Saturday, August 18, 2012

Braised Red Cabbage with Apples and Chestnuts

So... I'm back! The food in France was amazing. There was also a fresh produce stand right next to my apartment building and one block down there was a market every Sunday with fresh produce, meats, cheeses, etc.  The cheese... just wow.  While my mother was there she actually was mad about how great the produce and other things were in France... because why can't we have nice produce in the USA too? Anyway, in honor of the fact that I just spent five weeks in France, I decided to post about a recipe from my French Slow Cooker cookbook. I made this back this January as a side dish to a pork chop recipe and I've spent 30 or so minutes looking through all my cookbooks and recipe cards and I just cannot figure out what recipe I used for the pork chops. (And now, of course, my husbands going to be mad when he gets home because every single cookbook I own is on the kitchen table...)

And, on a side note, this cookbook has a recipe for Ginger Crème Brûlée that's made partly in the slow cooker -- I'd totally try it out right now except that I don't have any ramekins.

So, the Braised Red Cabbage with Apples and Chestnuts is a super easy side dish to make. You take cabbage and shred it, then put it in the slow cooker with almost all the other ingredients: chopped apple, apple cider vinegar, vegetable oil, sugar, a bay leaf, and salt and pepper (I didn't bother with salt). This cooks on low for 5 to 6 hours, but unlike most slow cooker recipes (which say to never never never open the lid), you stir the cabbage mixture occasionally. Could you make it without being around to stir?  Probably.

So this is what it looks like before it cooks (sorry about the blurry photo).

After it's done cooking, you add peeled cooked chestnuts. Now I should note that these were very difficult to find.  I think I ended up calling around until I found a grocery store that carried them. Anyway, you stir in the chestnuts and then cook it for 30 more minutes on low.

This is what it looks like when it's done.

Now, this was yummy.  I mean, really yummy. It's very sweet, so be prepared for that, but the soft cabbage with the slightly harder chestnuts and who doesn't like chestnuts around the holidays anyway? But, here's the thing about this recipe: we were eating this as a side dish forever. It says that it makes eight servings and I honestly don't remember how long we ate it, but we got at least double that. And it got really old as you got to the end -- the sweetness was awesome the first time, but a little too much on the seventh. So I would recommend making a half recipe, and then just put the other half of the cabbage in your salads for the week, or something like that. Or you could try and put less sugar in, like 1 tbsp instead of 2, and that might make it less sweet.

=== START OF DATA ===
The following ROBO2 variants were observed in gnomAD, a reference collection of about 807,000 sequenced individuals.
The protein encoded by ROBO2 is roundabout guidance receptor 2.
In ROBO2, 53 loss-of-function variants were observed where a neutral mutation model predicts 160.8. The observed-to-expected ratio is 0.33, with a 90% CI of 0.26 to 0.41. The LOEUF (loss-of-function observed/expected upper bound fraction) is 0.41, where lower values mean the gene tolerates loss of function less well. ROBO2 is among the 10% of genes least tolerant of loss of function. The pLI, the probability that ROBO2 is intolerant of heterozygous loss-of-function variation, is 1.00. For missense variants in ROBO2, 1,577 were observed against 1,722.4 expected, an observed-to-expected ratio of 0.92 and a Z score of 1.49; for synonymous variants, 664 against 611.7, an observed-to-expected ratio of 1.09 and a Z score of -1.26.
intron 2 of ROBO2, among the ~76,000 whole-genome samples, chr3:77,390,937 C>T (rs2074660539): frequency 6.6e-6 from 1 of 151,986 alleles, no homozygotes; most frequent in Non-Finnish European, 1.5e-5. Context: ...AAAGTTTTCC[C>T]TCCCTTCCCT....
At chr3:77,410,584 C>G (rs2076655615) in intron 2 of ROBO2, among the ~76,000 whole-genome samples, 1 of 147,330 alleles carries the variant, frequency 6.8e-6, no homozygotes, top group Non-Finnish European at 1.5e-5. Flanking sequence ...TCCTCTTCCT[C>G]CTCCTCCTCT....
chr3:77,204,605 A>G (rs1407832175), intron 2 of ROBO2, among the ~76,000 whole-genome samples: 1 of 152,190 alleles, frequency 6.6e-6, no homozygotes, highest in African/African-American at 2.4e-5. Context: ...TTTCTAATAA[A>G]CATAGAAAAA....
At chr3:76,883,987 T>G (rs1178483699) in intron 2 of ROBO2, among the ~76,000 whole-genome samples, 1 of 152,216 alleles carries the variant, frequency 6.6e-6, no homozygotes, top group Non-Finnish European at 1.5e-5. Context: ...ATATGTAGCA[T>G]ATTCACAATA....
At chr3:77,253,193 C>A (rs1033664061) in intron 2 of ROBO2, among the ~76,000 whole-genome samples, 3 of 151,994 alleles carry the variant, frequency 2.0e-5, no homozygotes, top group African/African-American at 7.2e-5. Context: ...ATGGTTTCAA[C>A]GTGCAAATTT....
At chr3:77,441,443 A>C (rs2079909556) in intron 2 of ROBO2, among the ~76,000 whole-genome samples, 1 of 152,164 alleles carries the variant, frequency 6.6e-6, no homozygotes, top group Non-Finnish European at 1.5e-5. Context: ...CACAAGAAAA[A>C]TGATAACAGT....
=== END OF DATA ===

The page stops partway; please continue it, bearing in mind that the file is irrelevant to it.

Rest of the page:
This is the picture from the cookbook. Not that far off, though their cabbage
looks a little more pink, while mine ended up a little more purple.

So part of the reason that I had chosen to make this was because we got apples in our produce delivery and almost everything else is a staple so I only had to buy the cabbage and the chestnuts.  So as I purchased it, it comes out to a whopping $0.81 (if you believe them on how many servings you get) or even $0.41 (if you eat it like my husband and I did). If you did have to buy everything (but the vegetable oil, sugar, and spices are staples, so unless you happened to run out of all of those at the same time, I don't know anyone who would have to buy everything), it would be $3.02 according to the cookbook serving size and $1.51 according to how I think normal people would eat it.

As for calories, this is pretty standard for a vegetable side dish: 145 calories per serving for the cookbook serving size and only 73 calories for how we ate it.  Unfortunately, I can't tell you what the whole meal was exactly because, as I said above, I cannot figure out what recipe I used for the pork but with a pork chop and a salad I'd estimate that this would end up being less than 400 calories as we ate it.  I'd recommend some rice or pasta to go with it to add a little bit more to the meal (unless you're really trying to diet).  The cookbook recommends serving it with "sausages, roast duck, pork chops, or turkey. Add some buttered egg noodles for a perfect winter meal."